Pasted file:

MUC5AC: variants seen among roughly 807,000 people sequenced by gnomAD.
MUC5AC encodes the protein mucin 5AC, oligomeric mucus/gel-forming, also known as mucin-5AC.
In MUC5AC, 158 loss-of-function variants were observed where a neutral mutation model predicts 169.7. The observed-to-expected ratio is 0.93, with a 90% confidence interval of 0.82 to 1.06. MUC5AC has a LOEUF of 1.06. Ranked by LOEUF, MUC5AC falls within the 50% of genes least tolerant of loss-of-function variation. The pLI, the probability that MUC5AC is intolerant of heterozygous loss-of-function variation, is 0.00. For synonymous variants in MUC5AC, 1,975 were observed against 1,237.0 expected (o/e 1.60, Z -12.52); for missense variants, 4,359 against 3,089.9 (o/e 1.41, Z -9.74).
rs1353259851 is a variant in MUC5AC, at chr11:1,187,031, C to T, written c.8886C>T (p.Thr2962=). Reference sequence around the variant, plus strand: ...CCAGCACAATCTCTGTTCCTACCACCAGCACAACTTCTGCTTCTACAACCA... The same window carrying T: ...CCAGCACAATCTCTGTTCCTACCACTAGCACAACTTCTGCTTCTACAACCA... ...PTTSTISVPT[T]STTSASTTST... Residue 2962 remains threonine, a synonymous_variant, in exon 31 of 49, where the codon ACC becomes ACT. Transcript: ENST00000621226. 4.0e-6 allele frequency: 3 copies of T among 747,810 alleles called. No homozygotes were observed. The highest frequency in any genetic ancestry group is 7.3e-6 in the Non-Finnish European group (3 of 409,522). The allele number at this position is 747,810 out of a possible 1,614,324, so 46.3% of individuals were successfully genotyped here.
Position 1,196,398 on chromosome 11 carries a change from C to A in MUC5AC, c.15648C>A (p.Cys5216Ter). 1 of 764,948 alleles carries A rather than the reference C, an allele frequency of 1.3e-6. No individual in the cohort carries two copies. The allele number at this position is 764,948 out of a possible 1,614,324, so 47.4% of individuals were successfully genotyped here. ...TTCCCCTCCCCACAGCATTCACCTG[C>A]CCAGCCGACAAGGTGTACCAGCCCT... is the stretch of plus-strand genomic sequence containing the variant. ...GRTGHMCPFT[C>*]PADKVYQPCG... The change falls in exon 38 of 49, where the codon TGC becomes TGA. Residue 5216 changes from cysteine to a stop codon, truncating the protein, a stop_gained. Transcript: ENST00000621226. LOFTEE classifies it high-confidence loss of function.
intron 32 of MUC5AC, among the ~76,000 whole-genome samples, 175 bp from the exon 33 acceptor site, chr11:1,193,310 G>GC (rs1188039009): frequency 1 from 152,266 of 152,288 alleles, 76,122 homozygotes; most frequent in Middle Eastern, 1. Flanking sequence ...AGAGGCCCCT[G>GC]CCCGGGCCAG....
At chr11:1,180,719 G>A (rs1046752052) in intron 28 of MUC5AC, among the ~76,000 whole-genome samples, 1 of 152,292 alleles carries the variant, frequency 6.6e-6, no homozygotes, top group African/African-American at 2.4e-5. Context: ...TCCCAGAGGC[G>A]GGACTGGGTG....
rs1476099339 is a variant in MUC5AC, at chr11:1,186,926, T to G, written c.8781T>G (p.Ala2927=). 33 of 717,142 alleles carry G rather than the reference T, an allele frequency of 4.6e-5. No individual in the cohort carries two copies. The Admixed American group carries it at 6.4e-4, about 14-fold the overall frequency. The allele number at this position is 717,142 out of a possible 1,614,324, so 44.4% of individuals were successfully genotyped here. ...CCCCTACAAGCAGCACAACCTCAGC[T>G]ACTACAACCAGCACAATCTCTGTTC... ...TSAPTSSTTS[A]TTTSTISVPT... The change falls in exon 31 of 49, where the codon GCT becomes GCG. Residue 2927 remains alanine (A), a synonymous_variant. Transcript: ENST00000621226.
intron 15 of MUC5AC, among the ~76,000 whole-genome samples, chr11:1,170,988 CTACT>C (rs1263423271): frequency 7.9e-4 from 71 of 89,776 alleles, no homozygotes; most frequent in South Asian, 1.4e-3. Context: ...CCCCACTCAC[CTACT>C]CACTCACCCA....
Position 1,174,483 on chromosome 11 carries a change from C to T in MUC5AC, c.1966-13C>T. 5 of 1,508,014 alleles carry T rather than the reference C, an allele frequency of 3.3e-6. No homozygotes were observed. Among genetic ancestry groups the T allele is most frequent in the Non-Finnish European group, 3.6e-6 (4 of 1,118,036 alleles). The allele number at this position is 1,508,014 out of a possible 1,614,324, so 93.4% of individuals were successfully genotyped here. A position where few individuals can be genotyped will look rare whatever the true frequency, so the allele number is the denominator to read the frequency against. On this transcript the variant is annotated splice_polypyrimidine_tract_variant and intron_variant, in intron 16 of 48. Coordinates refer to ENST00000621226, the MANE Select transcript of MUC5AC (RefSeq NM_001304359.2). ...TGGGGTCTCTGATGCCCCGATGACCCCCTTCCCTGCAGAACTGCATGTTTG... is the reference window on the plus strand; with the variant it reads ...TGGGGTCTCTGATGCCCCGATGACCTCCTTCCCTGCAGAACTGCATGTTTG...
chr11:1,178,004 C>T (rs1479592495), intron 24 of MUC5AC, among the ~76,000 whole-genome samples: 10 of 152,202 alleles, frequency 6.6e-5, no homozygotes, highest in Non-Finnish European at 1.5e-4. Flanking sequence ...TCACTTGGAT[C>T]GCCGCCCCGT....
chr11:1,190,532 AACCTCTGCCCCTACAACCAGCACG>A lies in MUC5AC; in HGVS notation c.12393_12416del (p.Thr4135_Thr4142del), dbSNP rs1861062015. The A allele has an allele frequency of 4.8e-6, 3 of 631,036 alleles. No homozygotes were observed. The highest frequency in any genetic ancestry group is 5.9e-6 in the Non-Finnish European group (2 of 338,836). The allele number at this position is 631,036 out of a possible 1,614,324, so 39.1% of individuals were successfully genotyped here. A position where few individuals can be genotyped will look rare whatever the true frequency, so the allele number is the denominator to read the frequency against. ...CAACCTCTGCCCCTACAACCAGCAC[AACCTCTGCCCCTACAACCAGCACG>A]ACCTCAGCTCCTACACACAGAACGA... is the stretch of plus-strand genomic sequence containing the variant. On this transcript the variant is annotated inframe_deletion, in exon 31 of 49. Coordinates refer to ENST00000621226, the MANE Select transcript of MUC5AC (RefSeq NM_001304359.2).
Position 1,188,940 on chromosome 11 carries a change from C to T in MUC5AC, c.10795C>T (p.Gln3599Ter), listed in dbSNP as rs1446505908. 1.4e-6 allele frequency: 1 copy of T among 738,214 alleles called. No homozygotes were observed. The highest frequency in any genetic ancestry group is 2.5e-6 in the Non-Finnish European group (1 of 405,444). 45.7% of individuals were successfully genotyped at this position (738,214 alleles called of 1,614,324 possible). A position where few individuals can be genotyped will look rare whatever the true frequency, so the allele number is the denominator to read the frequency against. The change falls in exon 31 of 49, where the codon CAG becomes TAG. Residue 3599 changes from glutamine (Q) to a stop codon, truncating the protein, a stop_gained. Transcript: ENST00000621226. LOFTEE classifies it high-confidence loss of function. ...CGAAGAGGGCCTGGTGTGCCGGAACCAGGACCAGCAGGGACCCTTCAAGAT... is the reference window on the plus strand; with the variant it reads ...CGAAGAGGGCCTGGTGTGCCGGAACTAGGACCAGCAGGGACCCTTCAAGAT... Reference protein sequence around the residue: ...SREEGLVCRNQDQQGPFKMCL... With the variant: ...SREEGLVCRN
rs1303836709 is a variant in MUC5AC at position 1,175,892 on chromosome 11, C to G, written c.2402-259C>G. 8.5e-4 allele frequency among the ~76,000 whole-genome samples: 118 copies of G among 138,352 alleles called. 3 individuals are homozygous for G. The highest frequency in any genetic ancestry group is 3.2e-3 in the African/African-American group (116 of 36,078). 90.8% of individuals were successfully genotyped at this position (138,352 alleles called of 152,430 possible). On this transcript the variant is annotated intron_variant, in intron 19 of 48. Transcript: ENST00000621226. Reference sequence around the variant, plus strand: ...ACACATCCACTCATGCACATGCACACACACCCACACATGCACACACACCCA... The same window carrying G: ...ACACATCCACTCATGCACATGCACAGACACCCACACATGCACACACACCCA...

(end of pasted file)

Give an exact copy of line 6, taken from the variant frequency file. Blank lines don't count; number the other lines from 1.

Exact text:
intron 32 of MUC5AC, among the ~76,000 whole-genome samples, 175 bp from the exon 33 acceptor site, chr11:1,193,310 G>GC (rs1188039009): frequency 1 from 152,266 of 152,288 alleles, 76,122 homozygotes; most frequent in Middle Eastern, 1. Flanking sequence ...AGAGGCCCCT[G>GC]CCCGGGCCAG....